MISS AUERHAAN, (pupil of Mrs. Arthur Willmore) the juvenile pianist, who made a successful debut at St. Martin's Hall, will play tho "Sonata Pathetique" at tho Russell Institution ou Tuesday next.

MR. WALL WORTH'S engagement with the Pyne and Harrison Opera Company being terminated, ho is now at liberty for concerts, pupils, Ac.—30, Edwardes-etreet, Portm an -square, W.

WMEYER LUTZ has the honour to announce that • he has returned to London for tho season.—36, RMimond-terrace, Clapham-road, 8.; or to Addison, Holiier, and Lucas, Regent-street.

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MISS ELLEN LYON, Vocalist (Soprano). Letters respecting all public and private engagements to be addressed 26, Charlesstreet, Berners-street, W.

MISS EMILY GRESHAM, Soprano. — Letters respecting engagements for oratorios and concerts, to be addressed, 20, Alfredterrace, Queen a-road, Buyswater, W.


MADAME CLARA NOVELLO respectfully acquaints her friends and the public that she will revisit England in the autumn to sing at a few Oratorios and Concerts in Loudon and the provinces, being her last appearances in public. Communications from Musical Societies to be addressed to Cramer and Co., 201, Regent-street.

MEYERBEER'S NEW WORK—" ASPIRATION"— CANTIQUE. (Short i Anthem.) The wotds from the orriainal latin of Thomas attempts, "Oeimitati«ne Chriatt." Composed for S'X VOICES (three sopranos, two tenors, and bass), with Recitatives for u BASS SOLO, nn'l Organ (or Harmonium) accompaniment ad libitum, by G1ACOMO MEYERBEER. Price, in score. 4s. London: Duncan Davison and Co., 244, Regent-street, where Meyerbeer's setting of the Lord's Prayer, for four voices, 3s., and the Serenade, for eight voices, "This house to love Is holy," 4s., may bo obtained.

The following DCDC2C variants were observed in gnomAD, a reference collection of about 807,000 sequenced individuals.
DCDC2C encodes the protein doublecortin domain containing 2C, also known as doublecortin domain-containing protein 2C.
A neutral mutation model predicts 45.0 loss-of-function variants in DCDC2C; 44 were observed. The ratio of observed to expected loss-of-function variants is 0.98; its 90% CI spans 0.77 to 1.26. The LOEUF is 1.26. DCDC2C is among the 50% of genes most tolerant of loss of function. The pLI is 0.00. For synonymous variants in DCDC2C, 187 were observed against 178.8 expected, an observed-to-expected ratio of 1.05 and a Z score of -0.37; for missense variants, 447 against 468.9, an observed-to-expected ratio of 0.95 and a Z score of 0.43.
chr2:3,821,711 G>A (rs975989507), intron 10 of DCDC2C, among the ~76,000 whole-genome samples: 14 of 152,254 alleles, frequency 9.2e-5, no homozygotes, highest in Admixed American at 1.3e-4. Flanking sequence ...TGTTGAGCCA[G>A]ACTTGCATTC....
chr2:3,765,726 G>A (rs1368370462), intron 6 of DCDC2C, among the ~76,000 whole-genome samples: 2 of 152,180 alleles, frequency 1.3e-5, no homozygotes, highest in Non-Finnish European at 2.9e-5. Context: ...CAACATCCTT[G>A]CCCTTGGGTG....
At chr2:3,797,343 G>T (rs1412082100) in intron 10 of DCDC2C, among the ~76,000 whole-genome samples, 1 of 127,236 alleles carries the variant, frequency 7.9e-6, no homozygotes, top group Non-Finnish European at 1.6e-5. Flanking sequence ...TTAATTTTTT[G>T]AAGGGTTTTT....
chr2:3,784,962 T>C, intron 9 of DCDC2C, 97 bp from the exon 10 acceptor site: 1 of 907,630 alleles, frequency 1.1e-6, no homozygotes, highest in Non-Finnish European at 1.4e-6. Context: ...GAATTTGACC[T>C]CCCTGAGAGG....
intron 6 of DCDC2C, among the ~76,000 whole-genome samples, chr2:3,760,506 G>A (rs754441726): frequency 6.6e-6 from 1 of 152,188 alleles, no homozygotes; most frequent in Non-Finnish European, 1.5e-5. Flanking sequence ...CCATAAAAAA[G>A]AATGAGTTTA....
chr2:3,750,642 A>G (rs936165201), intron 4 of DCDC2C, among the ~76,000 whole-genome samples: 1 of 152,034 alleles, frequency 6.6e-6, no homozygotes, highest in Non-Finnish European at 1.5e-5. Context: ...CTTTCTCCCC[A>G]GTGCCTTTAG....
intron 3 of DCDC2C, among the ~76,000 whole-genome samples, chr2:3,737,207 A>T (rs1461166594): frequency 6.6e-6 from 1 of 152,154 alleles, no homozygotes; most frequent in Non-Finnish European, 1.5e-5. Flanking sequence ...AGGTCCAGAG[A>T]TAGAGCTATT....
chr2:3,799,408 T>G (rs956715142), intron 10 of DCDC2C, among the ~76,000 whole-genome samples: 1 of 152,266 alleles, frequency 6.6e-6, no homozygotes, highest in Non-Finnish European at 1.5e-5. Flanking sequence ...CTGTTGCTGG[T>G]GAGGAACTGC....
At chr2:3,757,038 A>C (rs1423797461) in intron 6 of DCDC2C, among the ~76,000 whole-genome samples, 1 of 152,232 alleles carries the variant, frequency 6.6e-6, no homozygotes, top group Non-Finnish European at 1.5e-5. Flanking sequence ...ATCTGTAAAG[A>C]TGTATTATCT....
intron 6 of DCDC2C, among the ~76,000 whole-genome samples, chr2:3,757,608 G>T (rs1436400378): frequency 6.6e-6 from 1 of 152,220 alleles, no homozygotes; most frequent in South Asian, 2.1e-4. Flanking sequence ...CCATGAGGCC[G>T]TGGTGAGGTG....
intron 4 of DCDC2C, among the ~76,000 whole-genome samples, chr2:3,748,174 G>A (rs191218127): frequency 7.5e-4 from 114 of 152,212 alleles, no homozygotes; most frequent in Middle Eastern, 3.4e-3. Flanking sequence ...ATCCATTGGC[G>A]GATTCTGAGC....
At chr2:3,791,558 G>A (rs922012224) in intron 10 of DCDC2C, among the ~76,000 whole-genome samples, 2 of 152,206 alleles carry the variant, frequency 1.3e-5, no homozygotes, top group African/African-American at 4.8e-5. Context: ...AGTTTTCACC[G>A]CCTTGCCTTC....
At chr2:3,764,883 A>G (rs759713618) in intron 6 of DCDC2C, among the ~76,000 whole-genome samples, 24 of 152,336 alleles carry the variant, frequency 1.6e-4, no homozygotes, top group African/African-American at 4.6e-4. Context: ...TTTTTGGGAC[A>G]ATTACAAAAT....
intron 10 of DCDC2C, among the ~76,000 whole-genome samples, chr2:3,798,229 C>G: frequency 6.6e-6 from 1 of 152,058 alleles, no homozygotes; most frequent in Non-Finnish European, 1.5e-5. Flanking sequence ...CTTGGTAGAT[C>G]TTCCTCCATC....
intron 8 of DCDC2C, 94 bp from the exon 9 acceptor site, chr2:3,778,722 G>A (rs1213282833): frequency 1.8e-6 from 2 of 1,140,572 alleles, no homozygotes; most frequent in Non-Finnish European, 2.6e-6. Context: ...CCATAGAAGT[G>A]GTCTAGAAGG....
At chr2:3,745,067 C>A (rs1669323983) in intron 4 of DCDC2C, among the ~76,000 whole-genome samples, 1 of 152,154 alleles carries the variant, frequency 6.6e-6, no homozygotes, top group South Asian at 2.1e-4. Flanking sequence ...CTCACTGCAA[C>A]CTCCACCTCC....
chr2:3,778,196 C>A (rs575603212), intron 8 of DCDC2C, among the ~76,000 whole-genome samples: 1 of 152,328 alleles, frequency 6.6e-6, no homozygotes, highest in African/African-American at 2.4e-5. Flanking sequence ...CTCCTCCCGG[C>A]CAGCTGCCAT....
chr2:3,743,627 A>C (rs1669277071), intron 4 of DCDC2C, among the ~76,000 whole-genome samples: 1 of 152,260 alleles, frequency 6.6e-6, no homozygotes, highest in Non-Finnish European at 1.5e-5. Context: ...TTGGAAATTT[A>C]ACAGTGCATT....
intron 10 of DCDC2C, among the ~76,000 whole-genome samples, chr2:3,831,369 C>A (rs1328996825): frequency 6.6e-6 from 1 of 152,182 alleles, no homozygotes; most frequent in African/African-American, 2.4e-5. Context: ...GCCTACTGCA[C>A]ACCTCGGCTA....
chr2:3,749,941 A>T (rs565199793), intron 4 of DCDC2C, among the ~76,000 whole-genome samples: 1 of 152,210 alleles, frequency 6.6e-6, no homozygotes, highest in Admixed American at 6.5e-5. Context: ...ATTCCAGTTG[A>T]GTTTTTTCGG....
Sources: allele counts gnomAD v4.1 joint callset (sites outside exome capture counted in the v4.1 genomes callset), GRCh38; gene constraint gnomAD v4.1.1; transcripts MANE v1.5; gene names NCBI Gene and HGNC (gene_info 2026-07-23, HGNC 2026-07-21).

MOORE'S IRISH MELODIES AND NATIO NAL AIRS, WORDS AND MUSIC. Now complete iu one volume, small 4to. price 12s. cloth, giliedgos; or separately in 10 Numbers, prlco Is. each,

MOORE'S NATIONAL AIRS and other SONGS, with Symphonies and Accompauiments for tho Pianoforte. People's Edition, edited by C. W. Glover. Both Words and Music of this Work are Copyright.

Uniform with the abovo,


-I DII£S, now complete, price 12a. cloth, gilt edges; or in Ten Numbers,

separately, prico 1* . u u. "LouguiAn and Co.'s People's Edition " should be specified in all orders. London: Longman, Green and Co. and Addison and. Co. Manchester i Uime and Addison.

BEATRICE SCHOTTISCHE.—By J. T. STONE; as played by tho Band of the Coldstream Guards, at St James's Palace; also by Coote and Tinney's band at Willis's Rooms. Solo, 2s. 6d.; Duet, 3s.; Septett 8s. 6d.; Full Orchestra, 6s.

"Facile, playful, piquant; in brief just what dance music Bhould be. Tho author's compositions ore widely known, and us extensively admired."—Morning Advertiser, March 31, 1859.

London : D'Almaiuc and Co., 104, New Bond-street, W.

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LURLINE.—The following are the favourite pieces in WALLACE'S new and successful Opera, LURLINE;—" Under a spreading coral." "Take t is cup of sparkling wine," "Flow on, oh. silver Rhine," "When thu night winds," "8weet Spirir, hear my prayer," sung by Miss Pyne; "Gentle troubadour,"sung by Miss Pilling; •' Our barque In moonlight beaming," "Sweet form that nn my dreamy guze," "The chimes of home," sung by Mr. liarrison; "A Father's love,' "Love, transient passion," sung by Mr. Sautley.